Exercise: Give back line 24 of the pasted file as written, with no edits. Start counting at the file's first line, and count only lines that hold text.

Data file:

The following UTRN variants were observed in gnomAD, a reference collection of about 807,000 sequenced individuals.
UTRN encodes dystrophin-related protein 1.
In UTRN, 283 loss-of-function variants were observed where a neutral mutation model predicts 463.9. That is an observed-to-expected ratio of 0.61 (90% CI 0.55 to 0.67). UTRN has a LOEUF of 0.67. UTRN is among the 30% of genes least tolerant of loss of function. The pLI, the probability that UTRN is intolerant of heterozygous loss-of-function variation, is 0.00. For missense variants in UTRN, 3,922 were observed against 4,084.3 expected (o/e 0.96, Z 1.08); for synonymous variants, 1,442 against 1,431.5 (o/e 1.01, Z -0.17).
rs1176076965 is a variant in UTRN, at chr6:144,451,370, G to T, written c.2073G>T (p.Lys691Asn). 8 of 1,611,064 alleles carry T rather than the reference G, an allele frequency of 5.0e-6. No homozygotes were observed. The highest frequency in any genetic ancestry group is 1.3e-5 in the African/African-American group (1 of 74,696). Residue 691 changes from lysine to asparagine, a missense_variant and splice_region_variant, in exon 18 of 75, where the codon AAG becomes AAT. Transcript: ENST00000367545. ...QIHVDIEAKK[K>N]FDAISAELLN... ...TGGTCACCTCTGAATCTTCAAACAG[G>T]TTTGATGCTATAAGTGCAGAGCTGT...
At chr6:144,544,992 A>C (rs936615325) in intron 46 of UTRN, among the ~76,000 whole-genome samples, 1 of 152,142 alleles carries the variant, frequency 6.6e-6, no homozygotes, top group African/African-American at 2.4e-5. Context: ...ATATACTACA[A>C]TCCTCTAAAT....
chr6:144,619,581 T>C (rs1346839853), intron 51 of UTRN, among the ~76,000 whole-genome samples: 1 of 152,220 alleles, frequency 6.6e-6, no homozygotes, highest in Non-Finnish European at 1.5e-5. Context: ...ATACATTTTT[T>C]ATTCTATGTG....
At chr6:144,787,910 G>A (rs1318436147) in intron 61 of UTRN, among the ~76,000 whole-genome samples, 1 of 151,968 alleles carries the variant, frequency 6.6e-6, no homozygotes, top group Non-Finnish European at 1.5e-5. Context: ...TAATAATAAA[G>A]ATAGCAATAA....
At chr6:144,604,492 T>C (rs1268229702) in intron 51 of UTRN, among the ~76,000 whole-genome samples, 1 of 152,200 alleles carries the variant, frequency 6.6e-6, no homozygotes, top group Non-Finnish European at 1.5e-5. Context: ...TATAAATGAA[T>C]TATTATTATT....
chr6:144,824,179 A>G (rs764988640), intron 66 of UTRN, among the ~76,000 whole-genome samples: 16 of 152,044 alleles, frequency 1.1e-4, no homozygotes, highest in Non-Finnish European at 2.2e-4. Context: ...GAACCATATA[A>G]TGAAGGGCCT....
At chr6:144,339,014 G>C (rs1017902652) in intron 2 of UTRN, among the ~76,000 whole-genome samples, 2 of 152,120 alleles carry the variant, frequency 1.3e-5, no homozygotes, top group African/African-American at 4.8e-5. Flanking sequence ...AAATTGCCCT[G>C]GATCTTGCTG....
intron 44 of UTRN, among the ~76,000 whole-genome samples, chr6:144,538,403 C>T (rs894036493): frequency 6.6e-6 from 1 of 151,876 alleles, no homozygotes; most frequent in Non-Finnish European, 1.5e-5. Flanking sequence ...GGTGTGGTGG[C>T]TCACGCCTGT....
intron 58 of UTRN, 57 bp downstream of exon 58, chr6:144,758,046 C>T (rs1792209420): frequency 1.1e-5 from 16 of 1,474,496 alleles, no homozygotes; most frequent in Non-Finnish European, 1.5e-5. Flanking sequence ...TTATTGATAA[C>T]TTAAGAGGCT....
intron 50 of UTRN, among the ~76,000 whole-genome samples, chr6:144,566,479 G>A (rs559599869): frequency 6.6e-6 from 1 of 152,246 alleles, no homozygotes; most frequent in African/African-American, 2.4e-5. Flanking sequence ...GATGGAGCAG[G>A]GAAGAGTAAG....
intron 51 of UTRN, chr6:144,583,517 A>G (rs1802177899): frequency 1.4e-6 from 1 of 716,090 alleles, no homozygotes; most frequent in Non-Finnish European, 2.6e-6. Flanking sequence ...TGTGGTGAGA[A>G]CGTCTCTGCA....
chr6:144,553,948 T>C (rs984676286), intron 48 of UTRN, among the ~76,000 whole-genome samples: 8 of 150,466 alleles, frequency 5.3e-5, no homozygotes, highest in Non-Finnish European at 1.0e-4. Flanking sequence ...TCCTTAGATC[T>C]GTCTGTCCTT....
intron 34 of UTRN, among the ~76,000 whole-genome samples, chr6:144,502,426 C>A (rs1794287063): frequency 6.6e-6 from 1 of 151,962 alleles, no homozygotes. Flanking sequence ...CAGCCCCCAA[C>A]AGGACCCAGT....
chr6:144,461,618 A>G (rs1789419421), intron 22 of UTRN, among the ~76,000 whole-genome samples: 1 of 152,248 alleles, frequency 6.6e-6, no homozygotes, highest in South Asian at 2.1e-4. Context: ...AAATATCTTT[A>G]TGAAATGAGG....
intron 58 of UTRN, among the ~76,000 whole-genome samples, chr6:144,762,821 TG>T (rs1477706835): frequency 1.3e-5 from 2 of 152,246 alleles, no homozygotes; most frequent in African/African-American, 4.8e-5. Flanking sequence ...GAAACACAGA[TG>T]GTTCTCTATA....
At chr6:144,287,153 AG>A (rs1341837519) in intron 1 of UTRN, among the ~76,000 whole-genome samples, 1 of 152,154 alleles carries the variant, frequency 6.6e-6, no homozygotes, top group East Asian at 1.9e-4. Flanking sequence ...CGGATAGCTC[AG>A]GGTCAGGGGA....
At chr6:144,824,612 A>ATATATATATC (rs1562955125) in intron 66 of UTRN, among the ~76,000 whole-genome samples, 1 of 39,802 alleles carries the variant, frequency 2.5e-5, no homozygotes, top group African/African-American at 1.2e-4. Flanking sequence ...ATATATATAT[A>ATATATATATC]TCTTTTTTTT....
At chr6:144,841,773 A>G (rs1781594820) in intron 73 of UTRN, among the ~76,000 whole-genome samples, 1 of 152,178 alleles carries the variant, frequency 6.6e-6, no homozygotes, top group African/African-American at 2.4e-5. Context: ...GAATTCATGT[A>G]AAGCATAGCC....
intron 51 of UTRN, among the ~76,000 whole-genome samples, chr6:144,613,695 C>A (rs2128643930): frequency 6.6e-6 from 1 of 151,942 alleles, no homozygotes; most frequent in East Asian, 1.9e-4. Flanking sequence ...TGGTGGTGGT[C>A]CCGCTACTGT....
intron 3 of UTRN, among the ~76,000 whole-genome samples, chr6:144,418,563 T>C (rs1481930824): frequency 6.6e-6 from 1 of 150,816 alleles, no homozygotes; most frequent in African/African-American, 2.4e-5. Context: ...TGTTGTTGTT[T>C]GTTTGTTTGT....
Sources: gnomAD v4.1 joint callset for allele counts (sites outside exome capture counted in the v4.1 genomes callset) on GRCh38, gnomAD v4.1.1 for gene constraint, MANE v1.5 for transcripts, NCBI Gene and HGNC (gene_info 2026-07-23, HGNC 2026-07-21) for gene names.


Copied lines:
Sources: gnomAD v4.1 joint callset for allele counts (sites outside exome capture counted in the v4.1 genomes callset) on GRCh38, gnomAD v4.1.1 for gene constraint, MANE v1.5 for transcripts, NCBI Gene and HGNC (gene_info 2026-07-23, HGNC 2026-07-21) for gene names.